The bizarre part with all the anti-immigrant hype is that while everyone is busy bashing the federal government for not doing anything about illegal immigration, the data show that the Obama administration has done more in less than 2 years than Bush did in 8 to slow the flow.  Part of it is the economy, of course, but another big chunk is increased enforcement:  more raids on large employers, more deportations, an increased Border Patrol presence.  A lot of the enforcement makes me pretty queasy -- the assembly line token hearings, the well-documented abuses and mistakes by ICE (a fair number of US-born citizens, in some cases persons who didn't even have a Latino appearance, accent, or name, have found themselves swept up by ICE and stuck on a plane or bus to Mexico) -- but nonetheless the numbers don't lie.  There are fewer "illegals" in the U.S. now than there were two years ago. 

Of course, the whole anti-immigrant hysteria is loaded with contradictions.  Undocumented immigrants are simultaneously stealing jobs and sucking off the welfare teat; coming here and staying for years and years and years and just dashing across the border just long enough to drop an anchor baby that will return many years later as a terrorist; and so on.  When it comes to immigration, way too many people seem totally capable of believing two directly contradictory things at the same time without ever seeing the contradictions.  I'm moderately surprised we don't see more people's heads literally exploding.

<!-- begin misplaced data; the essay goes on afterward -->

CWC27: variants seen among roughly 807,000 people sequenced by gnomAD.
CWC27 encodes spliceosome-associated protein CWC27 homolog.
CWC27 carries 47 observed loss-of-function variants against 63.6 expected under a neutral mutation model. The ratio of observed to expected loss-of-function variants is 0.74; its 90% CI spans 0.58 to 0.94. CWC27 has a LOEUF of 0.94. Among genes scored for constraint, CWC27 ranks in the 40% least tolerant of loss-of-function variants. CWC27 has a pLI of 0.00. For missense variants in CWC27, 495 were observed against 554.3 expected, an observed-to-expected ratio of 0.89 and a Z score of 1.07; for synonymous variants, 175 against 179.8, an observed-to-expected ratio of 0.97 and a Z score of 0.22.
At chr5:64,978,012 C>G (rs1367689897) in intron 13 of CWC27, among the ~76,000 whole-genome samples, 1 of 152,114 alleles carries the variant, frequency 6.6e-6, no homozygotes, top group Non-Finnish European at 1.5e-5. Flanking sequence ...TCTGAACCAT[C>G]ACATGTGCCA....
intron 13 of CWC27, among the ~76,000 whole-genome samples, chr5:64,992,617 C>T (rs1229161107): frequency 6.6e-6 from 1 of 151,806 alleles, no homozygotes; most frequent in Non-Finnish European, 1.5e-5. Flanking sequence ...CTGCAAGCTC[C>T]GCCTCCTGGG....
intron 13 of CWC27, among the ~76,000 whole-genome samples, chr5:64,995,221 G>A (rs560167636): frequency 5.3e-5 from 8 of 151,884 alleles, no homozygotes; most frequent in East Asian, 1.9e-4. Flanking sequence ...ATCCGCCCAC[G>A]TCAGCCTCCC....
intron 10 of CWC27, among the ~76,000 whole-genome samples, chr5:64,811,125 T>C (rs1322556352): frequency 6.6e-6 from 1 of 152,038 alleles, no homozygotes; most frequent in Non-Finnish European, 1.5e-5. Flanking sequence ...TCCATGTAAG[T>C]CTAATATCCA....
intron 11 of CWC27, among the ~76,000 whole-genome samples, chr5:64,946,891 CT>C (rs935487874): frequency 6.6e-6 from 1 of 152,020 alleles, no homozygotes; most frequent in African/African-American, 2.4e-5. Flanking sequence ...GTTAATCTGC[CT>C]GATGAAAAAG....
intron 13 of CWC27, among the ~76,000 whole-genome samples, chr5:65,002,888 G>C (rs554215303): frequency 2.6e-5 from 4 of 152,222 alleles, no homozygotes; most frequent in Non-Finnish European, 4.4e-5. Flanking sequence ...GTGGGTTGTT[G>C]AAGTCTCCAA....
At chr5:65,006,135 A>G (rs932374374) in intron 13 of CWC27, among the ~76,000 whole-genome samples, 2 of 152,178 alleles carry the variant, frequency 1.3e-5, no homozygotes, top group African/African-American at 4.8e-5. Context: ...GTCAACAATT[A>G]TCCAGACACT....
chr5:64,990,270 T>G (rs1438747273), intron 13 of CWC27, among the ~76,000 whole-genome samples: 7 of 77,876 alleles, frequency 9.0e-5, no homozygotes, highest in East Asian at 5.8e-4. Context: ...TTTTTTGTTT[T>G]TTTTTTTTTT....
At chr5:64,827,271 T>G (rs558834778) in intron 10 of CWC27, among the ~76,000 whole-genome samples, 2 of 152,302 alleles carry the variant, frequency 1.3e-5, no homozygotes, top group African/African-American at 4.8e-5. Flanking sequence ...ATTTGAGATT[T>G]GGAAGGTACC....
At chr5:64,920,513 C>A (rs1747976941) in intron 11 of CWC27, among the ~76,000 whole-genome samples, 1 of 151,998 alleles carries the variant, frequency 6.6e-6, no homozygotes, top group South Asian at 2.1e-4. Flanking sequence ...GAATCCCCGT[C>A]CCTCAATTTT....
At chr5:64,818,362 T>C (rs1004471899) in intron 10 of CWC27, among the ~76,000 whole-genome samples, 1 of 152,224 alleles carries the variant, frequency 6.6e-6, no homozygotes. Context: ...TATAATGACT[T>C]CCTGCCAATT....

On the other hand, I have to wonder just how many people still bother to actually think. There have been a number of articles recently about the general stupidity of the American populace -- the dumb things people believe, the apparent inability to look at anything logically, the demands for instant answers and magical solutions, and so on.  I got accused of elitism recently (and unfriended on FaceBook) when a long-time acquaintance, someone I'd know since elementary school, got all worked up about the mosque mess in New York City.  I asked a simple question:  why do you care?  He couldn't answer it, and accused me of calling him stupid.  As far as I could tell, the only thing I'd done was ask him to think.  We've all gotten so used to thinking in sound bites that when someone asks a person to justify whatever line it is they're parroting, most people can't do it.  (And when they realize they can't do it, they get really, really pissed off at the person who asked them to try.)    

I've seen a few discussions on the topic of American gullibility and willingness to swallow sound bites as gospel that place the blame on the current sad state of the educational system.  But that's an example of a contradiction in itself:  if the public school system used to be good but sucks now, how do you explain the geriatric Glenn Beck cheerleaders, the folks who can remember Franklin Roosevelt but are now chanting "no socialism!" while cashing their Social Security checks and using Medicare?

No, I'm coming to the conclusion that the answer to our collective stupidity lies in our collective history:  the generations of immigrants who came to the United States looking to get rich quick, seeking fast, easy answers to their problems, going back all the way to Jamestown (colonists wanting to make a fast buck by ripping off trading with the natives and/or growing tobacco) and the Mayflower (half the folks on that boat were interested in business opportunities, not religious freedom).  We're the product of evolution, generations descended from the gullible, the naive, and the greedy.  I've seen the advertising the steamship companies and railroads distributed in 19th century Europe:  they may not have shown streets paved with gold, but they came close.

The sad truth is that we Americans have never been noted for our ability to think clearly about much of anything -- "No one ever went broke underestimating the intelligence of the American people" (H. L. Mencken) -- and we're not likely to change any time soon.